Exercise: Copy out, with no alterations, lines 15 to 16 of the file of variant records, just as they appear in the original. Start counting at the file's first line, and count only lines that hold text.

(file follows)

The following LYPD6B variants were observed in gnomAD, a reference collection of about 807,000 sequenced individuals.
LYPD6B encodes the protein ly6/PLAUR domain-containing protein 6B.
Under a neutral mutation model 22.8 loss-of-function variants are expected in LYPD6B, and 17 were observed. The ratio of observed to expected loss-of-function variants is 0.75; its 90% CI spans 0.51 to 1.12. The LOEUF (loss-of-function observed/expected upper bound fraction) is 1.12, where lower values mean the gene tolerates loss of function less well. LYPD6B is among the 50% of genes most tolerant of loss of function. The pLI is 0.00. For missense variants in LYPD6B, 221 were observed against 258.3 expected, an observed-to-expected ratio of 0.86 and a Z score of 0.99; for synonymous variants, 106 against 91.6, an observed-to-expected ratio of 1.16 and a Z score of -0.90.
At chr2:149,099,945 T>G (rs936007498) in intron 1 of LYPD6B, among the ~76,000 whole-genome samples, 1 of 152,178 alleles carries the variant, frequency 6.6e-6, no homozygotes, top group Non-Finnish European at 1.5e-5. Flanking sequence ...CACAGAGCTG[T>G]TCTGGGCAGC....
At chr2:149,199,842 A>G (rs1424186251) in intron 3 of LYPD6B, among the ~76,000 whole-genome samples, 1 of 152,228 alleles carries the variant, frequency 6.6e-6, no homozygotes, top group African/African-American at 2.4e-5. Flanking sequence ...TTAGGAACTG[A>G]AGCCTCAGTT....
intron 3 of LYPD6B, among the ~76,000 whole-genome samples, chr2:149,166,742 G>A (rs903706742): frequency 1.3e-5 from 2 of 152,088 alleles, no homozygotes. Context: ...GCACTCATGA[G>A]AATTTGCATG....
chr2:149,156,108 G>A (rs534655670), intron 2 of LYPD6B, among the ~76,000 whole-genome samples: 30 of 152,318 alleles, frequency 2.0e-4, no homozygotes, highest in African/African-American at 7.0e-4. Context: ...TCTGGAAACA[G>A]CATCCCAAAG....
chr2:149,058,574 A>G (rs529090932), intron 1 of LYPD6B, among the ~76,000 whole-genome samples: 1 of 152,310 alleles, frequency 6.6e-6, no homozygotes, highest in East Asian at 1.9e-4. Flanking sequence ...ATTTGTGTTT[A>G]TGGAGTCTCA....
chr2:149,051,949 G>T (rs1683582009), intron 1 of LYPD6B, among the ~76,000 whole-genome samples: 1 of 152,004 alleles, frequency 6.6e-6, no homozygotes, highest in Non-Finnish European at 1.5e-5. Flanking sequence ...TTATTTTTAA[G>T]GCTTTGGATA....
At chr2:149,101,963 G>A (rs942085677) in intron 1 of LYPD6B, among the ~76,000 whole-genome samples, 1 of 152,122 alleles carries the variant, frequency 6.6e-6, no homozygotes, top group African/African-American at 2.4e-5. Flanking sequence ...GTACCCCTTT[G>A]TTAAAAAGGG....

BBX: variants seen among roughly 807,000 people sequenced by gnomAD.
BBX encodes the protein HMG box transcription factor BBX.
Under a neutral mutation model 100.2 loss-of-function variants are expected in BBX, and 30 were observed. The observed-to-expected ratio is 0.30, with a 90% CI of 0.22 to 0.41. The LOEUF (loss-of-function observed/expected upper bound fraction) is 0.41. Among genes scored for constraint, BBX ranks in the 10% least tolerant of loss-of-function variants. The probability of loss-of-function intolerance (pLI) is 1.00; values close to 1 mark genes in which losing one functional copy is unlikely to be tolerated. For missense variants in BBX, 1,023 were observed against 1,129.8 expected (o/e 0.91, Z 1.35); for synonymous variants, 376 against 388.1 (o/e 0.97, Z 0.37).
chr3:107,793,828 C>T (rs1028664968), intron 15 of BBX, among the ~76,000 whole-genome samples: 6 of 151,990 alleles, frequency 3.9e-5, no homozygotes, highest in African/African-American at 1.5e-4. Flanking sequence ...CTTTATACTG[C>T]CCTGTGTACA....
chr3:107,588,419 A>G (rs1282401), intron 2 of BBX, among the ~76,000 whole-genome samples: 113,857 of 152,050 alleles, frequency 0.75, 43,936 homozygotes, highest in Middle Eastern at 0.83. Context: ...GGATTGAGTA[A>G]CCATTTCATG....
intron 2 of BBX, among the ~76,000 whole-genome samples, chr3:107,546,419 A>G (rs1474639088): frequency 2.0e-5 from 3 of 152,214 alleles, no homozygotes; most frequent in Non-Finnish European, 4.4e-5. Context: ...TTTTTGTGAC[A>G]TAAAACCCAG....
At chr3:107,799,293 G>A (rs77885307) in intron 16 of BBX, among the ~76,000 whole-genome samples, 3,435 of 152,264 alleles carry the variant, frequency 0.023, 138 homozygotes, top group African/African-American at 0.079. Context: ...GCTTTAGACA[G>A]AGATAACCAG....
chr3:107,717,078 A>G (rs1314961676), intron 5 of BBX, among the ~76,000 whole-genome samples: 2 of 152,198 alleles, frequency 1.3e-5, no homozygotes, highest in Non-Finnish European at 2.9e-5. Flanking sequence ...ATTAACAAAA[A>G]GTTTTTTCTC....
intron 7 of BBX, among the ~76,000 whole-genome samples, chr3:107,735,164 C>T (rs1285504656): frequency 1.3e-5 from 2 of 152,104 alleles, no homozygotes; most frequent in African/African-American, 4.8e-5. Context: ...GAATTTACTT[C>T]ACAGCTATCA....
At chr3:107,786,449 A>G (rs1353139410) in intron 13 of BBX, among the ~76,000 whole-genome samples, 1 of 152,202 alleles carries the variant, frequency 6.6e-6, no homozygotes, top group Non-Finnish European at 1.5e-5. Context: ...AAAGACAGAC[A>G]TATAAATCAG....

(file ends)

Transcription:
chr3:107,588,419 A>G (rs1282401), intron 2 of BBX, among the ~76,000 whole-genome samples: 113,857 of 152,050 alleles, frequency 0.75, 43,936 homozygotes, highest in Middle Eastern at 0.83. Context: ...GGATTGAGTA[A>G]CCATTTCATG....
intron 2 of BBX, among the ~76,000 whole-genome samples, chr3:107,546,419 A>G (rs1474639088): frequency 2.0e-5 from 3 of 152,214 alleles, no homozygotes; most frequent in Non-Finnish European, 4.4e-5. Context: ...TTTTTGTGAC[A>G]TAAAACCCAG....